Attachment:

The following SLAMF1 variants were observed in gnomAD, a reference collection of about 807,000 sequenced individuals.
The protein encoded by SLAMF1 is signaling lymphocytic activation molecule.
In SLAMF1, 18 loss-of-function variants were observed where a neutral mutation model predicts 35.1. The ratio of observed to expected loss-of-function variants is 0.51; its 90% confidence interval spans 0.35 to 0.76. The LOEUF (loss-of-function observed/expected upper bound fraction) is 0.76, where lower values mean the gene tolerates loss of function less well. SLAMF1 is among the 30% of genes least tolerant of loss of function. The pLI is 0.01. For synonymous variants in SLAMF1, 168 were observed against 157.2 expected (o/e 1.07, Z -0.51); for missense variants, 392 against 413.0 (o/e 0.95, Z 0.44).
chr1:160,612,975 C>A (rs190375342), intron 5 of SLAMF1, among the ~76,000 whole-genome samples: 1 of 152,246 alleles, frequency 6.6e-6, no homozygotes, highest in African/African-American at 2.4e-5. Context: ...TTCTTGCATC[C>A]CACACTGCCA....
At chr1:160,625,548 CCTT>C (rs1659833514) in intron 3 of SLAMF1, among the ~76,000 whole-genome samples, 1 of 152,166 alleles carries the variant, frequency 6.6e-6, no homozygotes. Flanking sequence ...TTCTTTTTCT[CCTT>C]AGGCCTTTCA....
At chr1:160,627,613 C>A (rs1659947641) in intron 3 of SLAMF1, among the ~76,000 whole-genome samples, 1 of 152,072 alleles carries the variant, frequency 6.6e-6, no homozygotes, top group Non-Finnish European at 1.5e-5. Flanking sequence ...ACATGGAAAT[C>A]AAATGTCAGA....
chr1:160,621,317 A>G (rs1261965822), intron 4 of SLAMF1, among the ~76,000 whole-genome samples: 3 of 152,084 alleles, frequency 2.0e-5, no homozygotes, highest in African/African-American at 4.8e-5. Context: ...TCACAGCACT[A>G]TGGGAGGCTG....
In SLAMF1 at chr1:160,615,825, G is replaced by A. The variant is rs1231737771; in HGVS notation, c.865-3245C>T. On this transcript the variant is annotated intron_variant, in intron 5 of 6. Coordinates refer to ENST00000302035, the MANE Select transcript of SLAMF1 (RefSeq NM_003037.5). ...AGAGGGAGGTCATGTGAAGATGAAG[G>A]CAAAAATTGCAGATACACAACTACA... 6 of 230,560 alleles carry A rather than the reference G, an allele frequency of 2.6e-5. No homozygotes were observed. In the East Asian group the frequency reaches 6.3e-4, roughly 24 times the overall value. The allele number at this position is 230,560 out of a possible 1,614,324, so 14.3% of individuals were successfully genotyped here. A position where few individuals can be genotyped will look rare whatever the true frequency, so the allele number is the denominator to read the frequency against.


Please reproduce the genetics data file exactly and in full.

The following SLAMF1 variants were observed in gnomAD, a reference collection of about 807,000 sequenced individuals.
The protein encoded by SLAMF1 is signaling lymphocytic activation molecule.
In SLAMF1, 18 loss-of-function variants were observed where a neutral mutation model predicts 35.1. The ratio of observed to expected loss-of-function variants is 0.51; its 90% confidence interval spans 0.35 to 0.76. The LOEUF (loss-of-function observed/expected upper bound fraction) is 0.76, where lower values mean the gene tolerates loss of function less well. SLAMF1 is among the 30% of genes least tolerant of loss of function. The pLI is 0.01. For synonymous variants in SLAMF1, 168 were observed against 157.2 expected (o/e 1.07, Z -0.51); for missense variants, 392 against 413.0 (o/e 0.95, Z 0.44).
chr1:160,612,975 C>A (rs190375342), intron 5 of SLAMF1, among the ~76,000 whole-genome samples: 1 of 152,246 alleles, frequency 6.6e-6, no homozygotes, highest in African/African-American at 2.4e-5. Context: ...TTCTTGCATC[C>A]CACACTGCCA....
At chr1:160,625,548 CCTT>C (rs1659833514) in intron 3 of SLAMF1, among the ~76,000 whole-genome samples, 1 of 152,166 alleles carries the variant, frequency 6.6e-6, no homozygotes. Flanking sequence ...TTCTTTTTCT[CCTT>C]AGGCCTTTCA....
At chr1:160,627,613 C>A (rs1659947641) in intron 3 of SLAMF1, among the ~76,000 whole-genome samples, 1 of 152,072 alleles carries the variant, frequency 6.6e-6, no homozygotes, top group Non-Finnish European at 1.5e-5. Flanking sequence ...ACATGGAAAT[C>A]AAATGTCAGA....
chr1:160,621,317 A>G (rs1261965822), intron 4 of SLAMF1, among the ~76,000 whole-genome samples: 3 of 152,084 alleles, frequency 2.0e-5, no homozygotes, highest in African/African-American at 4.8e-5. Context: ...TCACAGCACT[A>G]TGGGAGGCTG....
In SLAMF1 at chr1:160,615,825, G is replaced by A. The variant is rs1231737771; in HGVS notation, c.865-3245C>T. On this transcript the variant is annotated intron_variant, in intron 5 of 6. Coordinates refer to ENST00000302035, the MANE Select transcript of SLAMF1 (RefSeq NM_003037.5). ...AGAGGGAGGTCATGTGAAGATGAAG[G>A]CAAAAATTGCAGATACACAACTACA... 6 of 230,560 alleles carry A rather than the reference G, an allele frequency of 2.6e-5. No homozygotes were observed. In the East Asian group the frequency reaches 6.3e-4, roughly 24 times the overall value. The allele number at this position is 230,560 out of a possible 1,614,324, so 14.3% of individuals were successfully genotyped here. A position where few individuals can be genotyped will look rare whatever the true frequency, so the allele number is the denominator to read the frequency against.